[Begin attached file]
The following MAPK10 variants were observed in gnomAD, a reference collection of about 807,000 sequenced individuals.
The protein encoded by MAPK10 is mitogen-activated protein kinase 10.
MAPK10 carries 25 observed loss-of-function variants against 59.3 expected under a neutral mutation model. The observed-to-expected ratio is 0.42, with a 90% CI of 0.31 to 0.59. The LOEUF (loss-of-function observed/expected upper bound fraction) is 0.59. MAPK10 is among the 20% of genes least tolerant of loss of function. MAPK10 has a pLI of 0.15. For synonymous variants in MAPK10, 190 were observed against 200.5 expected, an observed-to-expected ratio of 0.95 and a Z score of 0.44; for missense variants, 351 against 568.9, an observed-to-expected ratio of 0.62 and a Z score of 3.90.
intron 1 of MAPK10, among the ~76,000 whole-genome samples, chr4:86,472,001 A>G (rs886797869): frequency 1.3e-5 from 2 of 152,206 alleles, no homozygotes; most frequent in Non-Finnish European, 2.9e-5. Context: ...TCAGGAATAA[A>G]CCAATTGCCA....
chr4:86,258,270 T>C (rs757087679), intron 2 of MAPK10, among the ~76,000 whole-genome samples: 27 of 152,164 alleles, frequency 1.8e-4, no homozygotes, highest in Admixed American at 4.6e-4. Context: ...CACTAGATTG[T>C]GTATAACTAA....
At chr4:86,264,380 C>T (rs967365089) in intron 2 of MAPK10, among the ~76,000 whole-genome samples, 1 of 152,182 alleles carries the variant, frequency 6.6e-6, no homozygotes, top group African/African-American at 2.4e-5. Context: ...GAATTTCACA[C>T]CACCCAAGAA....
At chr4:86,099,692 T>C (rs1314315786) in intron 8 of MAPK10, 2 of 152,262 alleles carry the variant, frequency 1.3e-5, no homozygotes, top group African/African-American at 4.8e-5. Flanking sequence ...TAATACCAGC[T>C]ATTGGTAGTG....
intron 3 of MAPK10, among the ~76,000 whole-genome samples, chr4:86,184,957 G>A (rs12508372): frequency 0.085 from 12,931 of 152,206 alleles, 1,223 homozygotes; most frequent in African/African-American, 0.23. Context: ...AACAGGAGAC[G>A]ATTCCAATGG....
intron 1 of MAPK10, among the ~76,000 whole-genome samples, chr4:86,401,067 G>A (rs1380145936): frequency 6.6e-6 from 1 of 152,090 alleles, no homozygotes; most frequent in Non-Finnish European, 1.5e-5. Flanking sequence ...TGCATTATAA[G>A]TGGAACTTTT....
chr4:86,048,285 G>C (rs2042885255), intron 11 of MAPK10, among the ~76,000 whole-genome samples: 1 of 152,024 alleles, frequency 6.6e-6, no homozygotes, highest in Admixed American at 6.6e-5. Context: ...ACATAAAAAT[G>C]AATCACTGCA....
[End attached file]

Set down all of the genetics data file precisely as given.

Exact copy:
The following MAPK10 variants were observed in gnomAD, a reference collection of about 807,000 sequenced individuals.
The protein encoded by MAPK10 is mitogen-activated protein kinase 10.
MAPK10 carries 25 observed loss-of-function variants against 59.3 expected under a neutral mutation model. The observed-to-expected ratio is 0.42, with a 90% CI of 0.31 to 0.59. The LOEUF (loss-of-function observed/expected upper bound fraction) is 0.59. MAPK10 is among the 20% of genes least tolerant of loss of function. MAPK10 has a pLI of 0.15. For synonymous variants in MAPK10, 190 were observed against 200.5 expected, an observed-to-expected ratio of 0.95 and a Z score of 0.44; for missense variants, 351 against 568.9, an observed-to-expected ratio of 0.62 and a Z score of 3.90.
intron 1 of MAPK10, among the ~76,000 whole-genome samples, chr4:86,472,001 A>G (rs886797869): frequency 1.3e-5 from 2 of 152,206 alleles, no homozygotes; most frequent in Non-Finnish European, 2.9e-5. Context: ...TCAGGAATAA[A>G]CCAATTGCCA....
chr4:86,258,270 T>C (rs757087679), intron 2 of MAPK10, among the ~76,000 whole-genome samples: 27 of 152,164 alleles, frequency 1.8e-4, no homozygotes, highest in Admixed American at 4.6e-4. Context: ...CACTAGATTG[T>C]GTATAACTAA....
At chr4:86,264,380 C>T (rs967365089) in intron 2 of MAPK10, among the ~76,000 whole-genome samples, 1 of 152,182 alleles carries the variant, frequency 6.6e-6, no homozygotes, top group African/African-American at 2.4e-5. Context: ...GAATTTCACA[C>T]CACCCAAGAA....
At chr4:86,099,692 T>C (rs1314315786) in intron 8 of MAPK10, 2 of 152,262 alleles carry the variant, frequency 1.3e-5, no homozygotes, top group African/African-American at 4.8e-5. Flanking sequence ...TAATACCAGC[T>C]ATTGGTAGTG....
intron 3 of MAPK10, among the ~76,000 whole-genome samples, chr4:86,184,957 G>A (rs12508372): frequency 0.085 from 12,931 of 152,206 alleles, 1,223 homozygotes; most frequent in African/African-American, 0.23. Context: ...AACAGGAGAC[G>A]ATTCCAATGG....
intron 1 of MAPK10, among the ~76,000 whole-genome samples, chr4:86,401,067 G>A (rs1380145936): frequency 6.6e-6 from 1 of 152,090 alleles, no homozygotes; most frequent in Non-Finnish European, 1.5e-5. Flanking sequence ...TGCATTATAA[G>A]TGGAACTTTT....
chr4:86,048,285 G>C (rs2042885255), intron 11 of MAPK10, among the ~76,000 whole-genome samples: 1 of 152,024 alleles, frequency 6.6e-6, no homozygotes, highest in Admixed American at 6.6e-5. Context: ...ACATAAAAAT[G>C]AATCACTGCA....